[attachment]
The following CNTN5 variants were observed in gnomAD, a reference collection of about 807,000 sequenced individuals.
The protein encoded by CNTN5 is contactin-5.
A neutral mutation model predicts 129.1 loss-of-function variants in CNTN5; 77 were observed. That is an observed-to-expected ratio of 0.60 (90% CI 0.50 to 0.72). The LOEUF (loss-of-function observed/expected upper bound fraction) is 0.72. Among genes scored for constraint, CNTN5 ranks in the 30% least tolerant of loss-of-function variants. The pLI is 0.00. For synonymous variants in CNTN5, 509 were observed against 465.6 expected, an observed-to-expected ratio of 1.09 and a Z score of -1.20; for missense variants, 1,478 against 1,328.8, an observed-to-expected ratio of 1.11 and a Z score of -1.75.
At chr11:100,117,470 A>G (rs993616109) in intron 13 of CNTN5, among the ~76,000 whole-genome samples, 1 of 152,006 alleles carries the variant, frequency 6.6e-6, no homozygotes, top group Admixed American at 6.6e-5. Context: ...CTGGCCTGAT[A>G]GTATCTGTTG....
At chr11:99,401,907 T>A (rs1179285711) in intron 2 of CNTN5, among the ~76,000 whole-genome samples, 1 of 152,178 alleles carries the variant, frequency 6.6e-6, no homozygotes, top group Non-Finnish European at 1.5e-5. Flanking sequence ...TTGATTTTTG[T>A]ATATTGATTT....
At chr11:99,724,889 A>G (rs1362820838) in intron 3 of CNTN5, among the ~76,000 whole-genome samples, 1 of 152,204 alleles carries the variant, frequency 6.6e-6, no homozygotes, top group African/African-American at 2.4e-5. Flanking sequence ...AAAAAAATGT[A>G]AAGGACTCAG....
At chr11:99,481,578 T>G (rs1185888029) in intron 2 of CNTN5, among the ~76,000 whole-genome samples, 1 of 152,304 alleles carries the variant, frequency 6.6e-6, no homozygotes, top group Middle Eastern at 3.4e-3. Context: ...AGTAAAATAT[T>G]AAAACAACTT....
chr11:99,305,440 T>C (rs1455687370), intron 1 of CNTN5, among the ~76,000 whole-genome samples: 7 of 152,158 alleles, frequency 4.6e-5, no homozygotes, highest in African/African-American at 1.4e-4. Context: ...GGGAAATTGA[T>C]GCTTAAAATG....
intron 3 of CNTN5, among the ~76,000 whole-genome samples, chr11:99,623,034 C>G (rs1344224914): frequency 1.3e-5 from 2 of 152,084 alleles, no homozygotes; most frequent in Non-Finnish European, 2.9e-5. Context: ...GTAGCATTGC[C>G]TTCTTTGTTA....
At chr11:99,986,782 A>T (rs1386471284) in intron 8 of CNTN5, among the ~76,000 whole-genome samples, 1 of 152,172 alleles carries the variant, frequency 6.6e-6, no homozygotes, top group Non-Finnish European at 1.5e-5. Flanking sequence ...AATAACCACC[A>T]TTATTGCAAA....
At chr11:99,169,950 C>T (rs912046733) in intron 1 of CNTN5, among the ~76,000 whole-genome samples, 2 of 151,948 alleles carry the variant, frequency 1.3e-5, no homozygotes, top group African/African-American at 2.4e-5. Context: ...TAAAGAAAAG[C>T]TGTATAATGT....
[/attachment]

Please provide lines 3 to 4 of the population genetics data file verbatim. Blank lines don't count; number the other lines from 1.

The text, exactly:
A neutral mutation model predicts 129.1 loss-of-function variants in CNTN5; 77 were observed. That is an observed-to-expected ratio of 0.60 (90% CI 0.50 to 0.72). The LOEUF (loss-of-function observed/expected upper bound fraction) is 0.72. Among genes scored for constraint, CNTN5 ranks in the 30% least tolerant of loss-of-function variants. The pLI is 0.00. For synonymous variants in CNTN5, 509 were observed against 465.6 expected, an observed-to-expected ratio of 1.09 and a Z score of -1.20; for missense variants, 1,478 against 1,328.8, an observed-to-expected ratio of 1.11 and a Z score of -1.75.
At chr11:100,117,470 A>G (rs993616109) in intron 13 of CNTN5, among the ~76,000 whole-genome samples, 1 of 152,006 alleles carries the variant, frequency 6.6e-6, no homozygotes, top group Admixed American at 6.6e-5. Context: ...CTGGCCTGAT[A>G]GTATCTGTTG....